It all started with a paper I wrote in college. The class was Criminal Law, and our final assignment was to write an opinion on a pending U.S. Supreme Court case, Gonzales v. O Centro Espirita Beneficiente Uniao Do Vegetal, which posed the question of whether a small Brazilian religious group living in New Mexico should be allowed to use a psychedelic tea called ayahuasca as part of its religious celebration.
“Hell, yes, they should!” I wrote (more or less) in my paper, and the Supreme Court, citing the importance of religious freedom, agreed.
Fast-forward two years: I’m sitting in a large dug-out canoe in the Ecuadorian jungle with three German guys and our guide, Marcelo. We’re in the middle of a week-long trip to the Cuyabeno Nature Reserve, an Amazonian rainforest located in the northeastern part of Ecuador.
We’re on our way to visit a shaman (medicine man) and his family, when I turn to Marcelo and, remembering my paper from college, ask whether the religious groups around here ever use a tea called ayahuasca in their services. Marcelo pauses, looks at me with a half-smile, and says, “You want to try ayahuasca?”
“Sure,” I say, with absolutely no knowledge of what’s in store for me. I had taken mushrooms containing the psychedelic drug psilocybin before, and had enjoyed the experience enough to rate it as easily one of the top five experiences of my life. So this ayahuasca stuff would be a piece of cake, right? Well, no.
That night at the house of the shaman and his family, Marcelo calls several other backpackers and I into a small room where we would finally drink a short glass of the extremely bitter tea. What we find in the room is like nothing we expect: A medicine man at least 70 years old is sitting on a chair before us smoking a cigarette. A feather is stuck through his nose and he’s wearing a loin-cloth. Only a loin-cloth.
As we sit in a half-circle on the floor before him, he asks us questions to try to ensure that we’re ready– spiritually and physically– to drink the tea. “You have fasted for twenty-four hours?” he asks in Spanish. “Wait, wha?!” I think. No, I hadn’t done that. In fact, my stomach was about as full as I could ever remember it. (Let’s just say the bathroom facilities in the Ecuadorian jungle are not up to my usual standards.)
But I’d come this far. “Sí,” I tell him. “No comida para mi.”
He pulls a three-liter plastic bottle out from under his chair, sets it on the ground in front of him, and begins reciting sing-songy incantations while blessing the bottle’s contents with the smoke from his cigarette. (Of course, it’s anyone’s guess exactly how much of this ceremony is really traditional and how much is performed only to look authentic for tourists.)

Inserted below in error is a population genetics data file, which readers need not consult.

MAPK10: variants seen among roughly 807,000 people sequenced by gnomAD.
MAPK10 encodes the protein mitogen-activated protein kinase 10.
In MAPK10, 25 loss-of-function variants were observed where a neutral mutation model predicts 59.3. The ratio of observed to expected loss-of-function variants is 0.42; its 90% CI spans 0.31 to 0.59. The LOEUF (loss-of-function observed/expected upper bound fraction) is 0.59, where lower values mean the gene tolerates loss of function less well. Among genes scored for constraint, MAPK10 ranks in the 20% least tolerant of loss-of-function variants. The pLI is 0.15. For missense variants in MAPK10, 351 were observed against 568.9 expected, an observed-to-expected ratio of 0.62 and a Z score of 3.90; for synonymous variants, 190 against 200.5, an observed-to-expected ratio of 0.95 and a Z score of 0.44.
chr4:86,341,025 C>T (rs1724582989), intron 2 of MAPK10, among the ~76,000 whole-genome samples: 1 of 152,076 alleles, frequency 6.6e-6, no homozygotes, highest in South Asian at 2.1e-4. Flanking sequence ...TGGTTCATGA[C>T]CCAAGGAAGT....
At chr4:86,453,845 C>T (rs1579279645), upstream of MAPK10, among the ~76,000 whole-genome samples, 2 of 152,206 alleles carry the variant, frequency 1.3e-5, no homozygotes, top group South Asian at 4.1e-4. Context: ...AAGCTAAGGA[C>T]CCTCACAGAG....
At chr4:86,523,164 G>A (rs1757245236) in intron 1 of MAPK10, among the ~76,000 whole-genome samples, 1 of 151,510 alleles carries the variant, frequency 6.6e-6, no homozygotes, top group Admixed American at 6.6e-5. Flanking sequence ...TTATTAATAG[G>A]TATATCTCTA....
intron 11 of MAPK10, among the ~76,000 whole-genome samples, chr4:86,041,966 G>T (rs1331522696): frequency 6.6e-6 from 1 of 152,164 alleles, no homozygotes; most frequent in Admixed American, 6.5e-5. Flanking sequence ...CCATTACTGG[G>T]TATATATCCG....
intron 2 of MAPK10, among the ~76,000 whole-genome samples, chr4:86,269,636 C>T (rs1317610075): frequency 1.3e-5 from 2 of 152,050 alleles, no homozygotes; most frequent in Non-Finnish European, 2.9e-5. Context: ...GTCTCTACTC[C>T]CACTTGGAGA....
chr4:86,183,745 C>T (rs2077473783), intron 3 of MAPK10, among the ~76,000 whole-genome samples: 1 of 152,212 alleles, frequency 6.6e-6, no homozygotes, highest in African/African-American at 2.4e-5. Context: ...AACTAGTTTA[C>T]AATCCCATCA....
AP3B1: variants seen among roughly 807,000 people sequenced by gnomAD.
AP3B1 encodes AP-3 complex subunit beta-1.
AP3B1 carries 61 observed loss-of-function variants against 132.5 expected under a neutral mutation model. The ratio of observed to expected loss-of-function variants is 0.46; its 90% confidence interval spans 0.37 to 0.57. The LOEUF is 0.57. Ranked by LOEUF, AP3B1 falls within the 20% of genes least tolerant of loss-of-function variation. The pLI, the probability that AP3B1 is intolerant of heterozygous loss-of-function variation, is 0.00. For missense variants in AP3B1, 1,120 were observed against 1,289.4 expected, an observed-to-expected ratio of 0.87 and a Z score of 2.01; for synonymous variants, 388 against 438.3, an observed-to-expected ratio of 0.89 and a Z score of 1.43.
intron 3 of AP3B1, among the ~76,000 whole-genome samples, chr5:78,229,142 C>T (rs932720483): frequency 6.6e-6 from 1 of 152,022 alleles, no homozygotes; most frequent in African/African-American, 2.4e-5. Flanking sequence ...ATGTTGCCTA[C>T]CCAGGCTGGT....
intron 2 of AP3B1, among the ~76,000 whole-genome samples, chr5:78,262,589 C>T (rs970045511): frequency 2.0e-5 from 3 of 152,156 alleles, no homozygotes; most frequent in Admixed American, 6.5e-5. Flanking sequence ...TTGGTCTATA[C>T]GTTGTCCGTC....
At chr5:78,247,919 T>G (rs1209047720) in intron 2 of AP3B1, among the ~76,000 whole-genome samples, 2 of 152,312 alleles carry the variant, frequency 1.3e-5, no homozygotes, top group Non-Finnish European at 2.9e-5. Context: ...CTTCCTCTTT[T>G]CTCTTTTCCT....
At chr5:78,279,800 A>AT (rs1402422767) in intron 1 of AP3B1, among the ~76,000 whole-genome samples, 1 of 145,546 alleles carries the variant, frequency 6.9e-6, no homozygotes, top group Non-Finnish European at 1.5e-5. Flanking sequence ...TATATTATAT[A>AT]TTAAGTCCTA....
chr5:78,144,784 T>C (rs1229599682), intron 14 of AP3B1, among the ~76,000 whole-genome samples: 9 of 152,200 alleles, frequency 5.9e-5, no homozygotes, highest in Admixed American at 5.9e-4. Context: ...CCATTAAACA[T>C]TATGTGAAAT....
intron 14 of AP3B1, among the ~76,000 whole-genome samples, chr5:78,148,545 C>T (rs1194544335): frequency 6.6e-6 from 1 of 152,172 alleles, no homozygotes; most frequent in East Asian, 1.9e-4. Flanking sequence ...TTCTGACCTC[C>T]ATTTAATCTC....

Soon he’s pouring glasses of the ayahuasca tea for each of us, and he delivers them to us one at a time. I’m the last one to drink, so I already know by everyone else’s reactions that the tea is not going to be very good. But the tea’s disgustingly bitter taste can’t even live up to my already lowered expectations. It’s virtually unpalatable, which, considering the mind-altering effects it’s about to bring on, is probably for the best.
We sit and wait for twenty minutes after drinking the tea before anything happens. Then the backpacker to the far left of me stands up, leans his head out the window, and vomits. It’s okay, the shaman assures us, that’s what’s supposed to happen. Then, like that contagious-throwing-up scene from Stand by Me, the guy next to him vomits. Then the person next to me does. Unfortunately, because of my stuffed-to-the-gills stomach, I never do.
What happens then? Well, let me offer an extended excerpt from what I wrote in my journal the next day. The opening sentence, I assure you, is no exaggeration:
“That was the worst night of my life. I will, as always, blame someone else. Our guide Marcelo apparently thought we’d be okay without fasting before the ayahuasca. Turns out, all the food in my stomach absorbed the nasty tea, and instead of puking twenty minutes in– like we were supposed to– and returning to Earth three hours later, I writhed in agony for nine hours….
“It shouldn’t go unmentioned, however, that I did manage to enjoy some of the positive effects of the ayahuasca: colorful open-eyed hallucinations, extreme visual mind-f***s, and an all-together giddy demeanor. But then, somehow, things began to turn south, or perhaps a better way to put it is that things turned into hell on Earth. It’s difficult to describe with any precision, but I’ll give it a go anyway. I began losing track of who I was; I couldn’t form abstract thoughts; I turned into an animal looking only for survival…
“I couldn’t wake up from the nightmare, couldn’t return to anything resembling a functional human being. I had roughly a hundred false awakenings. They lasted forever… Never in my life have I felt so utterly alone, so helpless, so out of control, so insane. I remember asking a biologist from West Texas, as I was finally coming out of the daze, to tell me his life story so that I could latch on to someone else’s coherent thoughts. So I could remember where I was, what I was doing.
“The most frightening part was not knowing if I’d ever return to normal. I imagined myself– or rather, I would have imagined myself if I remembered how to imagine– like Jack Nicholson at the end of Cuckoo’s Nest when they wheel him in: the lights are on but nobody’s home. It entered my mind that maybe I was dead, and that if I wasn’t, maybe I wanted to be.”
So, if you couldn’t pick up on my subtlety, this was not a very positive experience. Don’t mistake this post for an anti-drug cautionary tale, however, since my fellow backpackers mostly had very good times.
I realize now that I was stupid in not fasting for 24 hours before taking this very powerful substance. I’ve learned– and earned– my lesson.